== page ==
For though the fig tree blossom not nor fruit be on the vines, though the yield of the olive fail and the terraces produce no nourishment, though the flocks disappear from the fold and there be no herd in the stalls, yet will I rejoice in the Lord and exult in my saving God.

— Habakkuk 3:17-18

The trumpet soared, the organ thundered, my voice echoed off the ceiling in the packed church “joyfully sing out all you lands!” as I led the psalm on Christmas morning. The whole of Christendom rejoiced in the Lord and exulted in our salvation at God’s hand.

But even as I sang of joy and comfort and peace, I hurt. Every breath, every step, even my bow before the tabernacle as I crossed to the ambo was a source of unremitting pain. To kneel, to stand, to sit, to move to prayer, was an act of endurance, not an occasion for rejoicing.

To be frank, the pain that insinuated its way into my prayer a few months ago was more than physical. The words that once moved effortlessly from heart to lips at Mass, tangled on my tongue. It was like learning to waltz again, except instead of relentlessly counting one-two-three under my breath as my partner twirls me round, I was mentally chanting “And with your spirit” as the priest carried the book of the Gospels to the ambo.

Even now the hinges on which my prayer turns each day, Morning and Evening Prayer, rasp at my serenity as I hold out the intentions of family members who have lost jobs, of friends who are grieving, and of a local Church tried by difficulties, secular and spiritual. In the midst of all this pain, distress and disruption, how can I — how can anyone — rejoice in the Lord?

The prophet Habakkuk, trembling at the difficulties he sees ahead, pleads not for relief, but brashly insists he will still rejoice no matter what comes: Though the fig tree blossom not … yet will I exult in my God. It’s an almost unimaginable faith.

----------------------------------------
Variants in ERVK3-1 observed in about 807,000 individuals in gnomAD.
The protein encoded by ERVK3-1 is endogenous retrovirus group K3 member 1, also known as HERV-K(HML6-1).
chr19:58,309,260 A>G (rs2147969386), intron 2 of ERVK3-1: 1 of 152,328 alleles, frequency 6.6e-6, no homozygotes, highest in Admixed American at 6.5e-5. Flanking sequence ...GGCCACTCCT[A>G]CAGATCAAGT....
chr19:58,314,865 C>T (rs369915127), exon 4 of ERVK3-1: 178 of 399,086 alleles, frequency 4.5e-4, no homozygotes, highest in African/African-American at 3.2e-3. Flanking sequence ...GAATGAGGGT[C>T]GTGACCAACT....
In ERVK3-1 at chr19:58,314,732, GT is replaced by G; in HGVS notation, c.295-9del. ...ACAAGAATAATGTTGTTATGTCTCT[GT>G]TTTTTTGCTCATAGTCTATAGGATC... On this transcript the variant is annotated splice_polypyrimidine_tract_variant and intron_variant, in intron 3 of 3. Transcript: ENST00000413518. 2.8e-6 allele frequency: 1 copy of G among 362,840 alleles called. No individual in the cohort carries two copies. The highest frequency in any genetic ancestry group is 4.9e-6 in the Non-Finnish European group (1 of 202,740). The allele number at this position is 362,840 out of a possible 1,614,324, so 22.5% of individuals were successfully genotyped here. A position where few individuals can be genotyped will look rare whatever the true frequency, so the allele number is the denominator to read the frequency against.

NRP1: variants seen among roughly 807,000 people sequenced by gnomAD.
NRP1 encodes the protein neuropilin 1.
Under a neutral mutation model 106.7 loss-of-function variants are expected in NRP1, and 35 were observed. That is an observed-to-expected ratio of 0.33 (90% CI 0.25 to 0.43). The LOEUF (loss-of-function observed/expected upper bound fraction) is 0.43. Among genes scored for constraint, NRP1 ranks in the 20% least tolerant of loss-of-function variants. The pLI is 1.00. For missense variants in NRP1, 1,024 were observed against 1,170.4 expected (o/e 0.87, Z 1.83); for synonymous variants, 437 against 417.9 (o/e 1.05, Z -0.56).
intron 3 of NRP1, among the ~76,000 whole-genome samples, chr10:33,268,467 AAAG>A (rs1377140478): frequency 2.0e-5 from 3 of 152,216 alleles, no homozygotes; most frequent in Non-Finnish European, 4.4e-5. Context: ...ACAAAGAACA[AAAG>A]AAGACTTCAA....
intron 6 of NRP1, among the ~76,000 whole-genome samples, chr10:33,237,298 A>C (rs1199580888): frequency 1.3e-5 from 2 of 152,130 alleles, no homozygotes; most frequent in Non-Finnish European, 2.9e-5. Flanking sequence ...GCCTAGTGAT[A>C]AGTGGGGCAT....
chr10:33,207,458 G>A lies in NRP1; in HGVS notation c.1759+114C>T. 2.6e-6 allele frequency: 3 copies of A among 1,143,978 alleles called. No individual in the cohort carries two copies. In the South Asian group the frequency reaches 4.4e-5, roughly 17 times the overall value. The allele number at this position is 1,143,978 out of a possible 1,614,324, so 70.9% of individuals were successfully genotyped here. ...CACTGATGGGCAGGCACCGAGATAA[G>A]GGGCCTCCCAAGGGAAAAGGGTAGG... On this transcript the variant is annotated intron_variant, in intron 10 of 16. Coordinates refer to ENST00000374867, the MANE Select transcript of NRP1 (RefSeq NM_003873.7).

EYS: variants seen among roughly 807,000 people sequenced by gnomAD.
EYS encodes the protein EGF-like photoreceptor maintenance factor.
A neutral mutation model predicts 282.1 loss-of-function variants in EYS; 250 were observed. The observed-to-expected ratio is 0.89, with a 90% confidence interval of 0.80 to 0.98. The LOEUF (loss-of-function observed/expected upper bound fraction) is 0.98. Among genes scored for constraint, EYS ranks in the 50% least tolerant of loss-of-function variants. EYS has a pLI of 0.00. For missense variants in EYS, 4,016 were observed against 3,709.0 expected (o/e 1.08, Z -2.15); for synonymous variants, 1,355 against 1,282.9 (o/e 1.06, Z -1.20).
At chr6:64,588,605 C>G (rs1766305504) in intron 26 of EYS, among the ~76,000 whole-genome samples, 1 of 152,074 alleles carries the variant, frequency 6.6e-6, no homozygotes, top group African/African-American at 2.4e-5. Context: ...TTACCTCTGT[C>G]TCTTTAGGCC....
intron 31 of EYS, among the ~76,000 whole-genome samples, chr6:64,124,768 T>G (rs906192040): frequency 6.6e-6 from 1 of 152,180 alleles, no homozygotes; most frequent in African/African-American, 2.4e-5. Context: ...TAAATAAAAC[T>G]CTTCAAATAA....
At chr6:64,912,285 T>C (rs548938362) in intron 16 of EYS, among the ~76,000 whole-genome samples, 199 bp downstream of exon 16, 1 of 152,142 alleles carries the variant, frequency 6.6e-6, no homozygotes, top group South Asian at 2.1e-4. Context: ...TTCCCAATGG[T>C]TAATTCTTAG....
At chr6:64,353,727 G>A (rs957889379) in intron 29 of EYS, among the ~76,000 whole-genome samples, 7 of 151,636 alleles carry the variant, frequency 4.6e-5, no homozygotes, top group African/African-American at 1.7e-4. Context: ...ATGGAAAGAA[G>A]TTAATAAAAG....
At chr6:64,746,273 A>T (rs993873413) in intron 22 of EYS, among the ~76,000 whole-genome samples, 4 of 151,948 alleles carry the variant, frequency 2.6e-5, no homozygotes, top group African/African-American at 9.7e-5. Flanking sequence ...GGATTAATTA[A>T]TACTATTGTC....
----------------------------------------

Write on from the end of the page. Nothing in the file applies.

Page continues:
Yet underneath the almost swaggering surety of this prayer, I sense uncertainty. For at the head of the text is placed the note: “sung to a plaintive tune.” I wonder if the prophet struggled as I do, with the mystery of exultation and travail inextricably intertwined. Is Habakkuk’s prayer as much a plea for assurance as it is a declaration of faith?

Thomas Moore, in “Care of the Soul,” suggests that just as our modern scientific selves seek the one magic bullet that will cure our illness, we want events to speak in a single voice. Exult in this moment. Mourn in that.

He urges us to read difficulties as we do poetry, to listen for a multitude of meanings that can continue to enfold us and unfold for us. Endure and exult. Rejoice and mourn. Stumble and stride forth. One reading does not overwrite another; the meanings interpenetrate, weaving into an intricate and mysterious whole.

Mysteries by their nature do not have a resolution. There is no simple salve I can apply to my raw prayer. Father Pedro Arrupe, S.J., prayed to learn how Jesus met suffering, His own and that of others, desiring most of all to know “how You supported the extreme pain of the cross, including the abandonment of Your Father.”

I suspect that some things can only be learned in the doing. I learn to pray with certainty in the face of tribulation, by praying as Habakkuk did, with certainty. I learn to pray with pain by praying in pain, by praying within the space that Jesus holds open for us, arms outstretched between heaven and earth.

I reach as He did for the familiar words of the Psalms: Into your hands I commend my spirit. I sing exultantly, I sing with hope and with certainty, but in a plaintive key.

Teach me how to be compassionate to the suffering, to the poor, the blind, the lame, and the lepers; show me how you revealed your deepest emotions, as when you shed tears, or when you felt sorrow and anguish to the point of sweating blood and needed an angel to console you. Above all, I want to learn how you supported the extreme pain of the cross, including the abandonment of your Father.

— Father Pedro Arrupe, S.J.

Michelle Francl-Donnay is a parishioner of Our Mother of Good Counsel in Bryn Mawr. She can be reached at